Best of all, everyone would be so sick of the typical Thanksgiving fixings the next day that in spite of the copious embarrassment of leftovers, it wouldn’t be too difficult to plead for a dinner of Chinese takeout. That was the true festive meal, for all I was concerned.

Now on my own and separated by every member of my family by over 2,500 miles, I’m at a bit of a loss. I’ve finally gotten my wish, freed from the obligations of the traditional dinner, and I’m not quite sure I really want to escape it anymore. Suddenly those old-school favorites seem ripe with potential, and even though I have no plans or guests to feed, I can’t help but go back and create pieces of the feast that I always wished might be on the table.

That means combining the standard green bean casserole with an infusion of spicy sichuan peppers, just hot enough to make your lips tingle but still keep the inherent savory soul of the baked dish intact. The twist might very well horrify those who expect nothing but the same menu, year after decade after century, but for anyone who’s wanted to shake things up just a bit, I can’t think of a better dish to start with.

Sichuan (Szechuan) Green Bean Casserole

1 Pound Fresh Green Beans, Trimmed and Halved
1 Tablespoons Toasted Sesame Oil
1 Tablespoons Olive Oil
1 Medium Shallot, Minced
4 Cloves Garlic, Minced
1-Inch Fresh Ginger, Peeled and Minced
1 Cup Cremini or Button Mushrooms, Roughly Chopped
1 Cup Unsweetened, Plain Non-Dairy Milk
1/2 Cup Vegetable Broth
3 Tablespoons All Purpose Flour
2 Tablespoons Soy Sauce
2 Tablespoons Balsamic Vinegar
2 Teaspoons Brown Sugar, Firmly Packed
1 Teaspoon Dried Red Pepper Flakes
1/8 – 1/4 Teaspoon Ground Sichuan Pepper*

1 Cup Fried Shallots or Onions, Divided
3/4 Cup Crispy Fried Noodles or Wonton Strips

*Given that true Sichuan peppercorns can be difficult to hunt down at times, you can omit them for an equally delicious, if less tongue-tingling experience.

Preheat your oven to 375 degrees.

Pour the sesame oil into a medium saucepan and heat over high. Once blisteringly hot, add the prepared green beans and saute while stirring briskly, until seared all over but still crisp; about 5 minutes. Remove from the pan and let cool.

Return the pan to the stove, down down the heat to medium, and add the olive oil, shallot, garlic, and ginger. Cook until aromatic and just barely browned around the edges; about 8 – 10 minutes. Introduce the mushrooms next and cook until softened. If any of the vegetables threaten to stick or burn, begin adding in splashes of the non-dairy milk.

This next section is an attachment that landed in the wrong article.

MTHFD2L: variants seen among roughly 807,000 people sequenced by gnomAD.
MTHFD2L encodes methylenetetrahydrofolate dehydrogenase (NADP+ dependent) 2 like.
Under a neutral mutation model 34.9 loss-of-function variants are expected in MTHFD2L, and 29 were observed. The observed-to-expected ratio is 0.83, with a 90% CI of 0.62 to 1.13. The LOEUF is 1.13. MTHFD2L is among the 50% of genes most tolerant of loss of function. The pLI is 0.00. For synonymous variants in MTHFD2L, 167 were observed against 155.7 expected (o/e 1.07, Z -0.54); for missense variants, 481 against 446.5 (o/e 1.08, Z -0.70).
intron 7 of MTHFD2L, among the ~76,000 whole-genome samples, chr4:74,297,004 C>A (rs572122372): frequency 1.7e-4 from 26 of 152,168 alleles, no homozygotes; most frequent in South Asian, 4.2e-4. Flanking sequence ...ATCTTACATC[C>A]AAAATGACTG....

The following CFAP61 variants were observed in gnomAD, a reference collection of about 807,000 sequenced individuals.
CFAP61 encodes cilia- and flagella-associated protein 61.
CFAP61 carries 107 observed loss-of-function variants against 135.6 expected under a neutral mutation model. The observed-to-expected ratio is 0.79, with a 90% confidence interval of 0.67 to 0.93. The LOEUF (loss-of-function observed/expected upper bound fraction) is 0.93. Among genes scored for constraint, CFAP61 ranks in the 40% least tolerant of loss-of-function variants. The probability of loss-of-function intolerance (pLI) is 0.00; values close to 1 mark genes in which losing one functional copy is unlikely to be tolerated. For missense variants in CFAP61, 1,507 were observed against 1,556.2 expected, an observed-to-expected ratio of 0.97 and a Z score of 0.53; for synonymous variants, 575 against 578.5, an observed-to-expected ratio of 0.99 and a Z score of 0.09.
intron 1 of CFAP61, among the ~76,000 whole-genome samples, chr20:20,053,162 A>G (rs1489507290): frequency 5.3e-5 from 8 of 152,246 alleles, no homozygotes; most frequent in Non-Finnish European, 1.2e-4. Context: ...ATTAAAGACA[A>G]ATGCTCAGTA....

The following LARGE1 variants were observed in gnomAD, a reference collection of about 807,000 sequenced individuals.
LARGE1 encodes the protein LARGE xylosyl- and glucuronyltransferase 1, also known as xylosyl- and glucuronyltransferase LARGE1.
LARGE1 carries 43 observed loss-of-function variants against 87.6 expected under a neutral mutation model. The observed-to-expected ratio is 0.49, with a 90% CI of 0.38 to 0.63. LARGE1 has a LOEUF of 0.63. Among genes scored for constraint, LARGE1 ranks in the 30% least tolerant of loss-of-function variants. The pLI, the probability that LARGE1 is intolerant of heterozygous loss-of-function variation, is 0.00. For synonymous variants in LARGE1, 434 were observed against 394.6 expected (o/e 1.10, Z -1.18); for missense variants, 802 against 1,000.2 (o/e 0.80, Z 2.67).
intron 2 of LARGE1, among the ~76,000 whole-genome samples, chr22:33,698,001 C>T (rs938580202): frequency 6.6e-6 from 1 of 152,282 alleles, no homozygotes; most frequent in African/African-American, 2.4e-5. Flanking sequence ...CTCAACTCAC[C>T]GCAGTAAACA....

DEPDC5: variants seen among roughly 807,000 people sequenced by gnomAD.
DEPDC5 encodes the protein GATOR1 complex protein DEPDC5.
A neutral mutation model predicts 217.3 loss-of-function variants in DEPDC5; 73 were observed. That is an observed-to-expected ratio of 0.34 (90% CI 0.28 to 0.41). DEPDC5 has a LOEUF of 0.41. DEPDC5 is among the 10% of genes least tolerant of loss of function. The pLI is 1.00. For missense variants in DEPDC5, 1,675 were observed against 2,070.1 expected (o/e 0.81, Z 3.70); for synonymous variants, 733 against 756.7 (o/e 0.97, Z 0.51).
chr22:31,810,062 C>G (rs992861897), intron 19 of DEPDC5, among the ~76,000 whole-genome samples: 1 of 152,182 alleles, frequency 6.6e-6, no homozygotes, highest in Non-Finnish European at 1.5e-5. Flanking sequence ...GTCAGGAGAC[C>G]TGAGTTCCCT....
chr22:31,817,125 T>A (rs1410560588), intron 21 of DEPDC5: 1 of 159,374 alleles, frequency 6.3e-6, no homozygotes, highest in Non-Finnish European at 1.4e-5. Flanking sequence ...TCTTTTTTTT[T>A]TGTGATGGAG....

Shake up the vegetable stock and flour in a closed jar to create a slurry. Add it into the pan, stirring to thoroughly incorporate, followed by the non-dairy milk. Introduce the soy sauce, vinegar, sugar, pepper flakes and Sichuan pepper next, reducing the heat to medium-low and stirring to combine. Continue to cook, stirring periodically, until the mixture comes to a gentle boil.

Remove from the stove and add the green beans back into the mixture. Mix to combine, folding in 1/2 cup of the fried shallots as well. Transfer everything into a 1 1/2-quart casserole dish and top evenly with the crispy fried noodles and remaining fried shallots. Bake for 30 – 35 minutes, until bubbly and golden brown.

Makes 6 – 8 Servings

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Pearl of an Oyster Cracker

Soup season is in full swing, no matter what sort of winter has arrived to greet these early days of March. Whether the elements chose to blow in a gentle yet chilly breeze in the evenings or pound the earth, day and night, with torrents of frozen rain, a bowl of something warm and soothing is guaranteed to hit the spot. Even in the heat of summer, a generous ladleful of steamy, brothy sustenance is not an unwelcome sight, but that’s a tale for another time. Right now, let’s focus on the often overlooked, undervalued side kick to these endless rounds of piping hot stew: The oyster cracker. When dining out, does a single diner give those sterile, single-serving packages a second thought? Or even a third, or fourth? Much more commonly found ground into a fine gravel of crumbs at the bottom of one’s purse than happily floating atop of pool of sumptuous soup, it’s about time they were given their due.